We thank Dr. Daniel Seehofer and Robert Sucher for their valuable comments on our article and for their suggestions for further study designs (1). Our responses to the issues raised are outlined hereafter.
Cirrhosis is a topic of interest raised by the current editorial because it also affects survival rates, similar to tumors. In patients with hepatocellular carcinoma (HCC), the background liver is cirrhotic to a certain degree. It is difficult to rank the extent of cirrhosis in a detailed manner based on the current liver damage classification system and because of the different levels of individual compensation to cirrhosis. Therefore, the same category of liver damage according to the Child-Pugh score does not represent the same liver function or extent of cirrhosis. Consequently, collecting a homogenous cohort of patients with cirrhosis is difficult. In all nonrandomized studies evaluating the survival of patients with HCC, this aspect is inevitably observed. However, the impact of cirrhosis does not influence metastatic liver tumors and there are relatively fewer confounding factors. However, the comparison of long-term survival rates in colorectal liver metastases is not available in the only high-quality randomized controlled trial (RCT) to date (2).
Numerous retrospective studies as well as a recent meta-analysis (3) have confirmed the short-term advantages of laparoscopic liver resection (LLR). Most of these studies have revealed similar long-term results between LLR and open liver resection (OLR) groups. However, biases in the selection of patients for the LLR group are inevitable in retrospective studies, despite some studies matching their patients with the propensity score. Therefore, the selection or indication for laparoscopic resection must be clearly defined in studies. Completing a report based on solid evidence such as an RCT is difficult because the clinical reality is that most patients are not willing to receive larger wounds and an increasing number of hepatobiliary surgeons now perform minimally invasive liver surgeries. In addition, the learning curve is another element that affects the surgical outcomes of a new technique because open surgeries have been performed for a long time. Future studies regarding surgical outcomes might reveal different results after learning curves are overcome.
In our opinion, the differences and advantages of LLR are the caudal approach, high-definition display from the camera, mild hemostatic effect due to the pneumoperitoneum, and smaller wounds. The caudal approach may be the most unfamiliar part to surgeons who are used to performing open liver surgeries. The standardization of laparoscopic surgical procedures facilitates overcoming the aforementioned learning curve. We also suggest a two-surgeon approach in the early phase of the learning curve in LLR. It can reduce surgical time, disorientation, and bleeding due to incidental injuries to vessels based on our experiences. For patients with cirrhosis, laparoscopic surgery causes less destruction of the abdominal wall and portal collateral circulation. It also decreases inflammatory responses because the reduction of trauma. Pneumoperitoneum during surgery counters the common bleeding tendency in patients with cirrhosis. Therefore, LLR may extend surgical candidacy in patients with cirrhosis. As for the long-term results, only one propensity score analysis has demonstrated improved survival thus far (4).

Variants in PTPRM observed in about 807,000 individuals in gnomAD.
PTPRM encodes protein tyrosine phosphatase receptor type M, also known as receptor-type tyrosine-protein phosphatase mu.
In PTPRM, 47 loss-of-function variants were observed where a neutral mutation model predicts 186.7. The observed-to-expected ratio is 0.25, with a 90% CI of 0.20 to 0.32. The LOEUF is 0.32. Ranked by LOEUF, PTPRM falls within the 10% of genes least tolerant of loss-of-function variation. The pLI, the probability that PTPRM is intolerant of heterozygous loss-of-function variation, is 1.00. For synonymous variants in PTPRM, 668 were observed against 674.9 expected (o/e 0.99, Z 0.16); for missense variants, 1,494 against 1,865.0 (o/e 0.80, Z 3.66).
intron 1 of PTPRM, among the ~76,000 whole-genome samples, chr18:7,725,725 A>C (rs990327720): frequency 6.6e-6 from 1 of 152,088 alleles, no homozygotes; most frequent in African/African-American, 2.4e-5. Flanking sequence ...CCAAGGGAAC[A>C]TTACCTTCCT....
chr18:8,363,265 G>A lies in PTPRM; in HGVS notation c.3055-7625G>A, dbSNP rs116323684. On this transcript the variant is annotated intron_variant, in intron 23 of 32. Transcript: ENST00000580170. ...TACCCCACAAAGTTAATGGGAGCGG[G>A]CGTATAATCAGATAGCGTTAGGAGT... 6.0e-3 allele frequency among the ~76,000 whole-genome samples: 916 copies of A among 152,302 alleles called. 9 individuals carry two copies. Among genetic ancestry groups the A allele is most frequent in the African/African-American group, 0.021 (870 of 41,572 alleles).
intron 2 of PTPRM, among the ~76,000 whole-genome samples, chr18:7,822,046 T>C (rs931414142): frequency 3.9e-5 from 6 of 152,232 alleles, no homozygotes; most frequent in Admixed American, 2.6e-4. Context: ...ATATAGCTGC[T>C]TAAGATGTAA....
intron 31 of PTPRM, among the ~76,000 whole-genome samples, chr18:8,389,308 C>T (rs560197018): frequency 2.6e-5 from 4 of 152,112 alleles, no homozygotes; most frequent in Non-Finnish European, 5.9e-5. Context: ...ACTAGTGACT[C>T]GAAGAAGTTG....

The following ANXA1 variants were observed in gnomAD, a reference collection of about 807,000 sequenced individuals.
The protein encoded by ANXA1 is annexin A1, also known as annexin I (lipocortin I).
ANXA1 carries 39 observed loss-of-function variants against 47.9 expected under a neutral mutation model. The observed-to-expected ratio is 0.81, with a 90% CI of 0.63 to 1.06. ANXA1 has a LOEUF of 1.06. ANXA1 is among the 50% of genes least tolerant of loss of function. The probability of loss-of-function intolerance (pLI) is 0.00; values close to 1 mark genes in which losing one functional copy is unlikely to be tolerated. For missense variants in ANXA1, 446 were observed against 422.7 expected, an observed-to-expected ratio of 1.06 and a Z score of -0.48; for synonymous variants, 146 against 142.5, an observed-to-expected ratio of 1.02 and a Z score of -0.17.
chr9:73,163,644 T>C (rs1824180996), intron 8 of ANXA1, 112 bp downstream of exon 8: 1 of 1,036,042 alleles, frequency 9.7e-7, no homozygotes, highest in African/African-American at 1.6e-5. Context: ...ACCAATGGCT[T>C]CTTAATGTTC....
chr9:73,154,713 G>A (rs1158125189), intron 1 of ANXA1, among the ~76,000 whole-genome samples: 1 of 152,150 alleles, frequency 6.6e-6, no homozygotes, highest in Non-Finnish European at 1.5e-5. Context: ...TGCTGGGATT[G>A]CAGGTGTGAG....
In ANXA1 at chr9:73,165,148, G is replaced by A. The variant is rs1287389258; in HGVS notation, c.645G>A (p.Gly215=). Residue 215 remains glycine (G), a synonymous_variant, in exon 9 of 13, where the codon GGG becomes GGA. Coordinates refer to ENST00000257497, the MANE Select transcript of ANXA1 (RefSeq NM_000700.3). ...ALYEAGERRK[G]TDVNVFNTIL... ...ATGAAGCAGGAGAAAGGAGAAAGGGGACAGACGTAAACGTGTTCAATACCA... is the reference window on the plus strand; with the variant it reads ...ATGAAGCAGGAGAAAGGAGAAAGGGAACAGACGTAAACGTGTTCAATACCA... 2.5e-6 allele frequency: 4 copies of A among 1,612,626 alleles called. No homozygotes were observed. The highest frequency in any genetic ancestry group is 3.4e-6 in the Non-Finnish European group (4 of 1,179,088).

In the current study, a potential bias was indicated in patient selection because the OLR group consisted of more patients with large tumors and major resections than the LLR group. The LLR group consisted of more patients with cirrhosis. Two possible reasons could explain this phenomenon. First, performing LLR for smaller tumors was an attractive option. The difference in the rates of major resection was supposedly related to the tumor-size effect. Second, laparoscopic resection was also preferred for patients with more severe cirrhosis in our experience. However, laparoscopy is certainly not an indication of less radicality according to the treatment guidelines and experiences in our institute.
Numerous authors posit that scientific evidence is limited by a lack of RCT studies. However, based on medical history, the application of new technologies often does not follow methodologically perfect studies such as RCTs. Several of the limitations associated with conventional LLR have been overcome by new developments in energy devices, 3-dimentional scope systems, flexible scopes, indocyanine green fluorescence cameras, and even robotic platforms. The interest and application of minimally invasive liver surgery continue to advance relentlessly.
Conflicts of Interest: The authors have no conflicts of interest to declare.
- Seehofer D, Sucher R. Long term outcome of laparoscopic liver resection for HCC—is the jury still out? Laparosc Surg 2018;2:72. [Crossref]
- Fretland ÅA, Dagenborg VJ, Bjørnelv GM, et al. Laparoscopic Versus Open Resection for Colorectal Liver Metastases: The OSLO-COMET Randomized Controlled Trial. Ann Surg 2018;267:199-207. [Crossref] [PubMed]
- Jiang B, Yan XF, Zhang JH. Meta-analysis of laparoscopic versus open liver resection for hepatocellular carcinoma. Hepatol Res 2018;48:635-63. [Crossref] [PubMed]
- Cheung TT, Dai WC, Tsang SH, et al. Pure Laparoscopic Hepatectomy Versus Open Hepatectomy for Hepatocellular Carcinoma in 110 Patients With Liver Cirrhosis: A Propensity Analysis at a Single Center. Ann Surg 2016;264:612-20. [Crossref] [PubMed]
Cite this article as: Tsai KY, Huang MT. Long-term outcome of laparoscopic liver resection for hepatocellular carcinoma. Laparosc Surg 2019;3:9.